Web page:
On Thin Ice

Another week, another 4.5% drop in the S&P500.  According to Barron’s, the S&P’s 2009 performance, to date, is the fifth worst start since 1927.  Not a good sign.

What changed this week?  Not the data–we witnessed the same parade of bad economic news that’s been  streaming out since the late November market lows were hit.  This week, retail sales, initial claims, core CPI, industrial production and the Fed’s Beige Book all painted the same, dreary picture:  the economy is bad and getting worse.

So nothing concrete has changed.  Simply put, investor and trader sentiment became more bearish.  As expected, consensus aggregate earnings estimates are rapidly coming down, to $65-$75, and could easily be lowered more.  And without better signals that the economy and earnings will rebound at the end of 2009, the markets ought to push down the multiple assigned to these earnings. 

Still, today’s price level, already lowered from 930 to 850, is assuming a reasonably strong rebound at the end of 2009.   Perhaps traders are beginning to lower the odds of a rebound?  At least, they’re not blindly jumping on the Obama hope bandwagon throwing all caution into the wind. 

After a lot of focus on the fundamentals, economic and corporate, over the past few weeks, what can the technicals tell us?  Interestingly, on Bloomberg’s home page last week, two long time technicians (John Murphy and Ralph Acampora) outlined the downside risks.  Many traders think of the November 2008 lows as a critical test level–a level roughly equal to the lows of the 2002-2003 bear market bottom.  Traders expect the market to approach these levels sometime in 2009.  The point:  if the market breaks through these lows decisively, then the next stop will be much lower–close to 600 on the S&P.  From a technical point of view, once these support levels get broken, there’s no strong support level near the break point.  Technical traders would have to look back to levels in the mid-1990’s to find the next rung on the ladder.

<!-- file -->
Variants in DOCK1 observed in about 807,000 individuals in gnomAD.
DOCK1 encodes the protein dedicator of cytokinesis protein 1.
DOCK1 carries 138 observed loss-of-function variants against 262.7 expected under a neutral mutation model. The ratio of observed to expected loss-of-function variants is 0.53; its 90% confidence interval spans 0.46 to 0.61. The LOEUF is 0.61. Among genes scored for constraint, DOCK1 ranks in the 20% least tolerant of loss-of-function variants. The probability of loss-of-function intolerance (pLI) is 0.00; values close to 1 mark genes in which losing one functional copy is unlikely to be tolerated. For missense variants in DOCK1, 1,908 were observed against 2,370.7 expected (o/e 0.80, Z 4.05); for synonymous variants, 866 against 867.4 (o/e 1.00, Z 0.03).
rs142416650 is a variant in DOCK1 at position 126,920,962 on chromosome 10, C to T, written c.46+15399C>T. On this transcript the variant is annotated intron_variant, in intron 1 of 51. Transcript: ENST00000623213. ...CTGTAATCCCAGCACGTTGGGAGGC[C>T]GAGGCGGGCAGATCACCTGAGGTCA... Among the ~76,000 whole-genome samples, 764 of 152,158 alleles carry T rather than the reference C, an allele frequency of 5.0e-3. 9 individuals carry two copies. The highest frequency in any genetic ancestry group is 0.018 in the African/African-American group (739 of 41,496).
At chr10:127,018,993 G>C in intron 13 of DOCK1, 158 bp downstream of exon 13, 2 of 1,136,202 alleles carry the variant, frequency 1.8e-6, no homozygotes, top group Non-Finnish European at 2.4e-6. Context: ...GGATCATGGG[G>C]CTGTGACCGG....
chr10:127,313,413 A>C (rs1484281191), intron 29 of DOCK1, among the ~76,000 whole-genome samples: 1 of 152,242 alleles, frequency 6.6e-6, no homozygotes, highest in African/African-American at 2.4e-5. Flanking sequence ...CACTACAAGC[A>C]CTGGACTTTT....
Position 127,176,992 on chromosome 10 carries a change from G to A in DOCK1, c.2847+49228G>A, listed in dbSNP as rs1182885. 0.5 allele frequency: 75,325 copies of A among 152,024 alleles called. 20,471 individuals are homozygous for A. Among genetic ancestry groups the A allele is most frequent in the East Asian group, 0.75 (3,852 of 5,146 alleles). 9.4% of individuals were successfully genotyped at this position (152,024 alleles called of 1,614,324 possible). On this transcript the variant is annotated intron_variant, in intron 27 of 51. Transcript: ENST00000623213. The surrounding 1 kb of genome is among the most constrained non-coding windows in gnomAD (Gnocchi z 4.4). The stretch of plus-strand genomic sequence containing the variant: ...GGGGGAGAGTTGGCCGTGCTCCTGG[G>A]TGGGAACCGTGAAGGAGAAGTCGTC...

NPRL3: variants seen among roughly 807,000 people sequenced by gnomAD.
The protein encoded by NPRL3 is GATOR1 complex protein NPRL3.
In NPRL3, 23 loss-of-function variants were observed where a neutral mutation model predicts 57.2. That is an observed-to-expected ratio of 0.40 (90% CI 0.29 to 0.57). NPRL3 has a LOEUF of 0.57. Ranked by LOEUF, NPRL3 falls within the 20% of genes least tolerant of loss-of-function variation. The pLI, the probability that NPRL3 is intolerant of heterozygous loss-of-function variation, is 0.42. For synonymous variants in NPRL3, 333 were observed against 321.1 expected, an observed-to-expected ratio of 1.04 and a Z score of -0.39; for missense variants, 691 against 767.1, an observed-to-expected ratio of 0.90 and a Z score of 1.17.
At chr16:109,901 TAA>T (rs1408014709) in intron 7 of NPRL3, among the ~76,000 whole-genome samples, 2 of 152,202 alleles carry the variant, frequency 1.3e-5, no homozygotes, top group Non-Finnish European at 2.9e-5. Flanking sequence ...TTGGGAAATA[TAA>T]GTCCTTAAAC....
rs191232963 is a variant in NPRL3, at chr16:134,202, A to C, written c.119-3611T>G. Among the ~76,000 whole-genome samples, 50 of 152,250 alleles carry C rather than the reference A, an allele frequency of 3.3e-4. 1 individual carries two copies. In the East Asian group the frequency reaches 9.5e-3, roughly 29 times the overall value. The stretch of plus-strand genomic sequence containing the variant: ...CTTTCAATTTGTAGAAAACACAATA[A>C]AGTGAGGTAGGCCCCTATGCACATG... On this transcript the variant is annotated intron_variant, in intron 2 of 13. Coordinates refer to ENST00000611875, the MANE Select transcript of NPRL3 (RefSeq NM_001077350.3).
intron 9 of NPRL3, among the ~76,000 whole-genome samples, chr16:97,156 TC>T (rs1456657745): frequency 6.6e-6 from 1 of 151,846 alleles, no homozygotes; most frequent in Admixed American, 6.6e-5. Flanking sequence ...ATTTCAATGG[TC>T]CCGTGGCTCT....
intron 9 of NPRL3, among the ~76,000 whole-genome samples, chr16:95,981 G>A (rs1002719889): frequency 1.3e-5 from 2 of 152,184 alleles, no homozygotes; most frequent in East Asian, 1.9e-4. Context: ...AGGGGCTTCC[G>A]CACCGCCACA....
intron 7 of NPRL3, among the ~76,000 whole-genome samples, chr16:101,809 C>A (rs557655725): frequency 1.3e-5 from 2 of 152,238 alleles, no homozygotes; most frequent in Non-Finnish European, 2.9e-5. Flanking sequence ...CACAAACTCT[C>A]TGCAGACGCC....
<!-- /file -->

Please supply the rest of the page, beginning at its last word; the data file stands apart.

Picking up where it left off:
Coincidentally, a low 600’s S&P reading would fit neatly with a low $60’s S&P earnings  figure and a 10x multiple–earnings and and a multiple one would expect in a situation where the Obama-led fiscal stimulus doesn’t generate the hoped-for recovery in the hoped-for end of 2009 time frame. 

Cross your fingers!

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